What WWE And Other Promotions Expect Of Talent On OnlyFans And Similar Sites - Exclusive

One of the biggest stories in a very busy week for pro wrestling news has been WWE's firing of Mandy Rose on Wednesday morning. Reportedly, in light of the explicitness of the content on her FanTime subscription page increasing as of late, and some of those pictures and videos leaking over the weekend on social media, "NXT" head coach Matt Bloom held a meeting with Senior Vice President of Talent Development Creative Shawn Michaels. There, Bloom briefed Michaels on the nature of the content, which included Rose and her fiance, former WWE wrestler Tino Sabbatelli (Sabatino Piscitelli), naked together in a shower and at least simulating sex. It was at that point that the decision was made to have her drop the "NXT" Women's Championship that night to Roxanne Perez en route to firing her.


All of that said, a common topic of discussion online has been what, exactly, was the last straw for WWE and if any formal guidelines had been laid down for talent with pages on similar subscription services. After all, it had been public knowledge for over a month that the "secret menu" for extra perks available to Rose's subscribers included having fans pay her to rate videos of their genitalia. With that in mind, Wrestling Inc. reached out to sources in WWE to try to understand if there is a formal or even informal policy on what was allowed or if it was an issue taken up on a case-by-case basis.

Sources: It comes down to common sense

According to two different sources in WWE with knowledge of how the company has been handling the issue of talent using third-party content monetization sites, there are no set rules as to what is allowed, though it seems WWE frowns on OnlyFans in particular. (As of this writing, WWE spokespeople have not responded to an email asking if there is a formal policy or not.)


Basically, it's viewed more as a matter of common sense. One of the sources explained that though there's a major temptation to post more risque content after seeing how much money something like bikini photo sets brings in, the flip side is also apparent in a WWE context. There's a recognition that more explicit content could cause issues with sponsors, licensees (particularly toy companies like Mattel), and charity partners, which keeps the escalation from being worth the trouble if you want to stay in WWE. As the other source put it, "She represents a brand."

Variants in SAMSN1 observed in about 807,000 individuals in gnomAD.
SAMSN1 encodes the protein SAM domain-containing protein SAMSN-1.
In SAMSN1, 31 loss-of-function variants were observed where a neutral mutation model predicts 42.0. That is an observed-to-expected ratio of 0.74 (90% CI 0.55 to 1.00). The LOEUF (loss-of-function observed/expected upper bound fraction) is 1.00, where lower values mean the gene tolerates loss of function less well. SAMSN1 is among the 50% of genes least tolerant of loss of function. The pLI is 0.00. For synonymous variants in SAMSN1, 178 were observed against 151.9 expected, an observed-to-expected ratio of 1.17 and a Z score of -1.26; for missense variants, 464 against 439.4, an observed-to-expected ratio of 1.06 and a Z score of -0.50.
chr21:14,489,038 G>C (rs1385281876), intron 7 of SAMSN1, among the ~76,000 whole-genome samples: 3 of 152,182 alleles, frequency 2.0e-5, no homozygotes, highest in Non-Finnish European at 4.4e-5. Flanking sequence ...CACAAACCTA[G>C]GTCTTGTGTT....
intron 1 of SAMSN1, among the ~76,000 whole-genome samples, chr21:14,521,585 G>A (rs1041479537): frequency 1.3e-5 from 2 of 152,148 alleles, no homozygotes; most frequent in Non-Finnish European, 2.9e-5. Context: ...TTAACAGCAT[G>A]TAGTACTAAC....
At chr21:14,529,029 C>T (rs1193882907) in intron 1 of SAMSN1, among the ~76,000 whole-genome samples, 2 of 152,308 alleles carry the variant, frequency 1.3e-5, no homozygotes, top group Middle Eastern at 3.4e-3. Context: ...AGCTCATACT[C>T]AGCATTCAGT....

It's worth noting, though, that Rose apparently had a unique arrangement that had her differently situated from other talents in terms of the cost-benefit analysis of the FanTime page versus her WWE pay. Reportedly, by virtue of being in "NXT," she was subject to looser restrictions on what content creation she could do on her own, but she was still being paid on the main roster contract she signed in 2019 when WWE was offering big guarantees with AEW on the horizon.


It's not that different outside of WWE

Elsewhere, the situation is similar. In Impact Wrestling, multiple current and former roster members currently have or have had OnlyFans pages. They include Jordynne Grace, Chelsea Green, Taya Valkyrie, and Lady Frost, with none of them known to be particularly racy. An Impact source with knowledge of their policies said that the nature of the content is considered a common sense issue there, as well. That source noted that while Impact is more flexible than WWE on such matters, particularly with so much of the talent not being paid full-time, nudity would likely be a red line.


AEW's Toni Storm has an OnlyFans page, but it's another one that is not known to be explicit. Mixed martial artist and bare-knuckle boxing crossover Paige VanZant, though, does have an OnlyFans page that features nudity. She is currently listed on the AEW roster page but has not been seen on AEW programming in several months, and not at all since moving her subscription site from FanTime in September. AEW sources who would have knowledge of what the company's boundaries are with regard to such content have not responded as of this writing.